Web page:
Warsaw has risen from rubble. Indeed – rubble was the basic building material, and working amidst the ruins was the stuff of life. Reconstruction was a complex process which required a huge amount of time and labour. It affected Warsaw’s architecture as well as its cityscape. It also had an effect on the social and economic relations that were being rebuilt anew after the war.
Warsaw 1945–1949: Rising from Rubble
March 30–September 3, 2023
Museum of Warsaw
Old Town Market Square 28-42
Warsaw 1945–1949: Rising from Rubble exhibition follows the process of transforming ruins into rubble, and rubble into building material from which the Varsovians constructed their own future and the future of their city. The first years after the war were spent on removing the rubble and pulling down the ruins. Bricks and iron were being recovered and breeze-blocks were produced of concrete and rubble.
It is the first time that rubble constitutes the narrative core of an exhibition devoted to the reconstruction of Warsaw. We show fragments of sculptures and architecture, stove tiles and ceramics as well as materials used in the process of reconstruction: demolition bricks and rubble concrete. Photographs, graphic art, paintings, documents, maps, iconography as well as film newsreels and oral history video recordings place these exhibits in their historical context. Contemporary context is provided by artists such as Tymek Borowski, Diana Lelonek, Antonina Gugała and architecture studios: CENTRALA and Archigrest.
22 million cubic metres of rubble
What happened to ca 22 million cubic metres of rubble which covered almost the entire city after the war? The exhibition provides an answer to this question as well. In the first years of the reconstruction, the status of rubble was evolving. Initially, it was considered a waste material which ought to be removed. Next, it was regarded as a raw material to be recovered and used to produce new building materials. Ultimately, rubble acquired the status of a symbol of hard collective labour and a bright future for Warsaw and the entire country. This symbol, so eagerly used by the communist regime, is now given a chance to be interpreted anew.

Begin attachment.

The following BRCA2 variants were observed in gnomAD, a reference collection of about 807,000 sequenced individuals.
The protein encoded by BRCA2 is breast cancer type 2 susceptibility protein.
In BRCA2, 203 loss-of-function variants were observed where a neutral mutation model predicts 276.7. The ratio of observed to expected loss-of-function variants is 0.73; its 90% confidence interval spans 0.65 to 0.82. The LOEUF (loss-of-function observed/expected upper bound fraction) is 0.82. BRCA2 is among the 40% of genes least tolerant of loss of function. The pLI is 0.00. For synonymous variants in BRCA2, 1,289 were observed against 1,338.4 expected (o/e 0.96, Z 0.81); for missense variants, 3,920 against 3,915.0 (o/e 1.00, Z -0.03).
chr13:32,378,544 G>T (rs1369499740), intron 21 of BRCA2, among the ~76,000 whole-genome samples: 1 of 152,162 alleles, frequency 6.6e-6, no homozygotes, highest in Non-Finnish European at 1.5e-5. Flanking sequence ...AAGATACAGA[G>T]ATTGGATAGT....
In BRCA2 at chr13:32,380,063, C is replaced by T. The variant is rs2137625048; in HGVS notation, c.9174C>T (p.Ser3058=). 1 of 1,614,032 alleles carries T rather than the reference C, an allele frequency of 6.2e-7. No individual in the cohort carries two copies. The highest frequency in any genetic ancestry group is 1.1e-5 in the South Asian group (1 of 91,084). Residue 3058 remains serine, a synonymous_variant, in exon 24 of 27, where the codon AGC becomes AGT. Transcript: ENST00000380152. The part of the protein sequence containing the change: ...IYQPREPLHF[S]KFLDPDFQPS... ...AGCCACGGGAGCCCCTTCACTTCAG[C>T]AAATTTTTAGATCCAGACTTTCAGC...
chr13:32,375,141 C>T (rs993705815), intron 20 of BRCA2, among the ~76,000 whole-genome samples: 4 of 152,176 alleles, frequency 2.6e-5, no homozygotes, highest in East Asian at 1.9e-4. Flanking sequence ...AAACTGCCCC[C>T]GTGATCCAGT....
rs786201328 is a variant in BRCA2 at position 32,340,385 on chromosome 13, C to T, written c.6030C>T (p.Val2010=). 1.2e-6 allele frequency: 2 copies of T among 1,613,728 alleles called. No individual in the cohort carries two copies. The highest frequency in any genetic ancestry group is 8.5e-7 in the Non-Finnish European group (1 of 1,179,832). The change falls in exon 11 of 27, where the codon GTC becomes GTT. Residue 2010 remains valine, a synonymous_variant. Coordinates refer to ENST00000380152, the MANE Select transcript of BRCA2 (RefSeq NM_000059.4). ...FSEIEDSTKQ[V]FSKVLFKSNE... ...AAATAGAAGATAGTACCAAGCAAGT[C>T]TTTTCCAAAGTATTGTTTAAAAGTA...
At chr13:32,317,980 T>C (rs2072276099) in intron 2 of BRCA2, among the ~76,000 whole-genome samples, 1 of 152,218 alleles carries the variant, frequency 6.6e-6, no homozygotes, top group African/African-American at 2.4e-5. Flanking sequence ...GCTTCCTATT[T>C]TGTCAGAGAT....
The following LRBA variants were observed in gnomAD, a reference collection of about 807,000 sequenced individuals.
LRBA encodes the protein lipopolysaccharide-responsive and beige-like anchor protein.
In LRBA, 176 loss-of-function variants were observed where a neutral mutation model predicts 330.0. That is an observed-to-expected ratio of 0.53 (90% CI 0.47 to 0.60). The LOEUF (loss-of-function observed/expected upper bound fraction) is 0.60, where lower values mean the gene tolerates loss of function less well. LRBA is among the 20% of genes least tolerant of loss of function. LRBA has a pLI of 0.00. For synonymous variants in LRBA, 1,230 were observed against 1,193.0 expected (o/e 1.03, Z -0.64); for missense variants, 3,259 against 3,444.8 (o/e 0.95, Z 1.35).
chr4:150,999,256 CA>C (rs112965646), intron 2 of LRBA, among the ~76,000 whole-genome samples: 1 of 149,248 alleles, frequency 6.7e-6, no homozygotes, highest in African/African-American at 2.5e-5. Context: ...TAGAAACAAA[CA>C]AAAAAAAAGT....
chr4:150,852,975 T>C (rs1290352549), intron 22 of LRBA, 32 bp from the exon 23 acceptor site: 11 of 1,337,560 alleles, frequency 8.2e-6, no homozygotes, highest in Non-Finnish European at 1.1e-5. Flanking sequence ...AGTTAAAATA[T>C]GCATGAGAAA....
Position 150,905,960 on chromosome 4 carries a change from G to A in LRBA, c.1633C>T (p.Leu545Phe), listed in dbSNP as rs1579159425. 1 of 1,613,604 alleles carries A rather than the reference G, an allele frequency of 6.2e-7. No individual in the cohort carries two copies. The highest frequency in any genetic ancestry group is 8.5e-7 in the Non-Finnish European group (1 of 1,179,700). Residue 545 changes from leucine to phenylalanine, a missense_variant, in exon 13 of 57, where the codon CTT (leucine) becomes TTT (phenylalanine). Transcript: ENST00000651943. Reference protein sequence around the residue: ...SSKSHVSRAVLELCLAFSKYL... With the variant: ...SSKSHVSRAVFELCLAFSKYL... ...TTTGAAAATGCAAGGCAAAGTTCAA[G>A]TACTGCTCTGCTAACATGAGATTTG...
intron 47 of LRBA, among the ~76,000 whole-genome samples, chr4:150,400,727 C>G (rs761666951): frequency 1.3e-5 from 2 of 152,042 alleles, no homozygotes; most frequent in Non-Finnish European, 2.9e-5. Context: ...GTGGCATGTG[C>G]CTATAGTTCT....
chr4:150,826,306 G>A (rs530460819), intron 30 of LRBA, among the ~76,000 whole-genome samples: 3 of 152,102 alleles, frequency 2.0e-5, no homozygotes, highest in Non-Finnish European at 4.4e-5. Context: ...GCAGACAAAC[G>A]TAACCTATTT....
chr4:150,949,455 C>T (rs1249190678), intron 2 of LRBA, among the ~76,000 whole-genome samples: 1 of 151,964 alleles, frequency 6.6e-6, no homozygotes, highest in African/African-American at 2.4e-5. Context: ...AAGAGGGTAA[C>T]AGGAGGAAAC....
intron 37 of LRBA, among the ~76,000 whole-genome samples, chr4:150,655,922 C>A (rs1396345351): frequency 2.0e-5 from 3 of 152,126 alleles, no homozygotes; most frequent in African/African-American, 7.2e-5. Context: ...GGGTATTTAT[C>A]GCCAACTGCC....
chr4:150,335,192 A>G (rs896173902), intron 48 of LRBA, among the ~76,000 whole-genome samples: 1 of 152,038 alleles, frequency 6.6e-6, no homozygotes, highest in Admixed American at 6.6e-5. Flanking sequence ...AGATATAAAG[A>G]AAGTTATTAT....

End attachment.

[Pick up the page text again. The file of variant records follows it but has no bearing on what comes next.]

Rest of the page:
Reduce, reuse, recycle
“History of the reappraisal of rubble may serve as a direct reference to the contemporary debate on sustainable construction at the time of climate crisis, based on the recovery and recycling of materials,” points out Adam Przywara, the exhibition curator. “The 3R principle – namely reduce, reuse, recycle – was applied on a huge scale in postwar Warsaw,” he adds.
“Today, production and circulation of building materials are key issues in both architecture and urban planning. The exhibition shows that the history of Warsaw reconstruction can provide inspiration for thinking about the future of architecture at the time of climate crisis. It also serves as a vital point of reference for contemporary artists and architects,” adds Przywara.
Museum of Warsaw
The Museum of Warsaw came into being in 1936 as the Museum of Old Warsaw, a branch of the National Museum. Since 1949, it has been in operation as an independent institution of the City of Warsaw. The main seat of the Museum of Warsaw is housed in eleven historic tenement buildings in the Old Town Market Square. In 1980, they were all entered in the UNESCO World Heritage List. The Museum initiates and broadens interest in the city; it shapes an aesthetic sensibility, interprets the phenomenon of Warsaw and actively expands its scientific, social and cultural life.
Curator: Adam Przywara
Historian and scholar of architecture. In 2022, he obtained PhD from the University of Manchester for a dissertation devoted to the historical investigation of the materiality of ruins in the postwar reconstruction of Warsaw. Currently he is associated with the Université de Fribourg. Adam was a fellow at the Bauhaus Foundation in Dessau (2018) and at the Deutsches Historisches Institut Warschau (2020). He curated the exhibition titled See You After the Revolution! at the Arsenal Gallery in Białystok (2019). His research interests focus on the changes in the materiality of the 20th-century architecture, as well as the circular economy in both contemporary and historic construction.